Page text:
Photo Credit: Jewish Press

When reading the supplication of Moshe our teacher to Almighty G-d before his death, most of us are not cognizant of, nor are we sensitive to, the anguish and the terrible pain that Moshe was enduring. After 40 years of leading the Jewish people – a people who were stiffed-necked and difficult to deal with – Moshe begged Almighty G-d to allow him to enter the land of Israel. When reading this account, one should feel the enormous emotion of our greatest teacher and prophet as he beseeched Almighty G-d.

Moshe relates his prayer: “I implored Hashem at that time saying, My Lord, you have begun to show your servant your greatness and your strong Hand, for what power is there in the heaven or on the earth that can perform according to Your deeds and according to Your mighty acts? I entreat You to let me cross and see the good land that is on the other side of the Jordan, this good mountain and the Lebanon” (Devarim 3:23-25). Alas, Moshe concludes, “But Hashem became angry at me and did not hearken to my request” (3:26).


Later, the Torah describes the scene as Moshe ascends the mountain of Nevo and Almighty G-d shows him the Land of Israel. G-d says to Moshe (Devarim 34:4), “This is the land that I swore to Abraham, to Isaac, and to Jacob, saying, ‘I will give it to your offspring.’ I have let you see it from afar, but you will not enter the Land.” One can only imagine the travail and the tears of our teacher Moshe as he stood looking over the Land of Israel, the yearning and the longing to see the land of his dreams.

Why was it so important for Moshe to enter the Land? Certainly he had accomplished so much during his lifetime for the Jewish people! Why wasn’t he satisfied with what he had accomplished and able to leave it at that? After all, why couldn’t he be like most of us – satisfied to live in exile and not in the Land of Israel?

Of course, Moshe knew that the future of the Jewish people was contingent on living in Israel. Though there would be times that our only source of hope would be the Torah and its study, Israel is where the ultimate history of the Jewish people will unfold.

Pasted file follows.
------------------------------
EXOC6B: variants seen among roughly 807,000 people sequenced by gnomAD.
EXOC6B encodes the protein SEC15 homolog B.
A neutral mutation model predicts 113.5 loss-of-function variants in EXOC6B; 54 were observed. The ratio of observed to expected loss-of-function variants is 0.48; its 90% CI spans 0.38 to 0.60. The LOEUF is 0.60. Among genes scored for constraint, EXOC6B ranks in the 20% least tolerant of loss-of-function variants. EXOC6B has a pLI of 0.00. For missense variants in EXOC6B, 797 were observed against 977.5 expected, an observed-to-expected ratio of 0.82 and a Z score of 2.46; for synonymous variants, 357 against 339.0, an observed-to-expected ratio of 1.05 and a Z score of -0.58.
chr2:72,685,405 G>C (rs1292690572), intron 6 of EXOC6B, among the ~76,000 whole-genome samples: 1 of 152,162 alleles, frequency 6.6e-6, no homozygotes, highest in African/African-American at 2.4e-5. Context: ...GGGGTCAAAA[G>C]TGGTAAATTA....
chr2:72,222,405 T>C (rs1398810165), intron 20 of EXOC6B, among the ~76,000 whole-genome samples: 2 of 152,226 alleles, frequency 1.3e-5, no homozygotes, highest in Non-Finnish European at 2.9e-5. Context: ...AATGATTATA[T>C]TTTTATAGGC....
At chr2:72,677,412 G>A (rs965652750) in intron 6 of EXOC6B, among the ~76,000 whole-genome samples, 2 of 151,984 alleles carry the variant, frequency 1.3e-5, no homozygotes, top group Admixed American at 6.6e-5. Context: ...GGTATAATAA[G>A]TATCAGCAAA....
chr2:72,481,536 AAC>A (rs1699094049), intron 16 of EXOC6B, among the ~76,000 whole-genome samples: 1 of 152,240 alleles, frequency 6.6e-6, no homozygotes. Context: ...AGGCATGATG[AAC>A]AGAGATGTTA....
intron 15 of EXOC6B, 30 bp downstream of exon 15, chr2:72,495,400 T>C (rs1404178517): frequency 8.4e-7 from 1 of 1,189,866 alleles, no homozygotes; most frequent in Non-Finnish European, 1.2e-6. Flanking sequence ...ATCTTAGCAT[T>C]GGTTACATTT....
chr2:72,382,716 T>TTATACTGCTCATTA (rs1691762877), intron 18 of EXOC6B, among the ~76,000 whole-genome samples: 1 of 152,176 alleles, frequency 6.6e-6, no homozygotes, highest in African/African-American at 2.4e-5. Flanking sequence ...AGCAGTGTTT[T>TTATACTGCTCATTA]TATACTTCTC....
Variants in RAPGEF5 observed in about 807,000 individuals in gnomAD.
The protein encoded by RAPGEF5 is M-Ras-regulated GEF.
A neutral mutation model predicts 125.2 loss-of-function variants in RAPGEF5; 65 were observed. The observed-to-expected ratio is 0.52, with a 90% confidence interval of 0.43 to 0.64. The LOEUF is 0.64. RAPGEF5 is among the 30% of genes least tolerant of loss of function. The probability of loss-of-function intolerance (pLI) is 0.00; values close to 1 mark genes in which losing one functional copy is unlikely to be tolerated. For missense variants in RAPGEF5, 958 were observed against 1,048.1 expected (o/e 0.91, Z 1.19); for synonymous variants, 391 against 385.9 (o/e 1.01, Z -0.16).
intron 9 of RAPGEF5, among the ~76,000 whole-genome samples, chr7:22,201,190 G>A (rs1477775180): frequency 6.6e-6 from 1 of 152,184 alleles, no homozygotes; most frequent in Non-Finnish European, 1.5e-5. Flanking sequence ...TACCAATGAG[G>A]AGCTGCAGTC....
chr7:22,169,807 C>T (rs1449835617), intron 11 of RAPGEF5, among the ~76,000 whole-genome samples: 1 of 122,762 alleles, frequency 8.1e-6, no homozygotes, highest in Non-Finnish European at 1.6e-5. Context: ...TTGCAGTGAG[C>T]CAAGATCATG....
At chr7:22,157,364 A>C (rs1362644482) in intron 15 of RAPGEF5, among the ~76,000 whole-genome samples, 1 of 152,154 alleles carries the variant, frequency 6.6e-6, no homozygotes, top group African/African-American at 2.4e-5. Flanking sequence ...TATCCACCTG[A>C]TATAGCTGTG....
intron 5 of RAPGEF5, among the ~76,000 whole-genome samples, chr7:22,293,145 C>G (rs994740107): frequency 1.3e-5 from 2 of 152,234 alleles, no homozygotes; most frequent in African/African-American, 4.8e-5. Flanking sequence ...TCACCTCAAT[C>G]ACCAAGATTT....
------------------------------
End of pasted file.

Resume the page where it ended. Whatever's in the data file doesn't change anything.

There is no question that the Torah has been the strength of the Jewish people in our arduous stay in exile. But Torah itself is not enough! When we have the possibility of living in Israel, we must join these two very important concepts, Torah and Eretz Yisrael – because when both are possible, they become inseparable.

This is why Moshe our teacher was crying and begging Almighty G-d to let him enter the Land. He knew that the unfolding of Jewish history would take place against the backdrop of Israel. Israel would become the center of Jewish existence. The laws of the Torah become alive when practiced in Israel. Moshe our teacher wanted to be a part of that history.

I have often said that the Jews living in the Diaspora are only observing Jewish history unfold. The Jews living in Eretz Yisrael are actually writing Jewish history. Those who live outside of Israel are like the fans watching a baseball or football game. We can observe and we can cheer but we are not really playing the game or influencing the outcome in a meaningful way. The people living in Israel are the players. They determine the results. They are forming and are directing Jewish history in our times.

The question that we must each ask ourselves is: Do we want to be a player, involved in the exciting unfolding of Jewish history? Or do we want to be an observer, with only limited influence on the outcome of our glorious future? Something to ponder


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Rabbi Mordechai Weiss has been involved in Jewish education for the past forty-six years, serving as principal of various Hebrew day schools. He has received awards for his innovative programs and was chosen to receive the coveted Outstanding Principal award from the National Association of Private Schools. He now resides in Israel and is available for speaking engagements. Contact him at or 914-368-5149.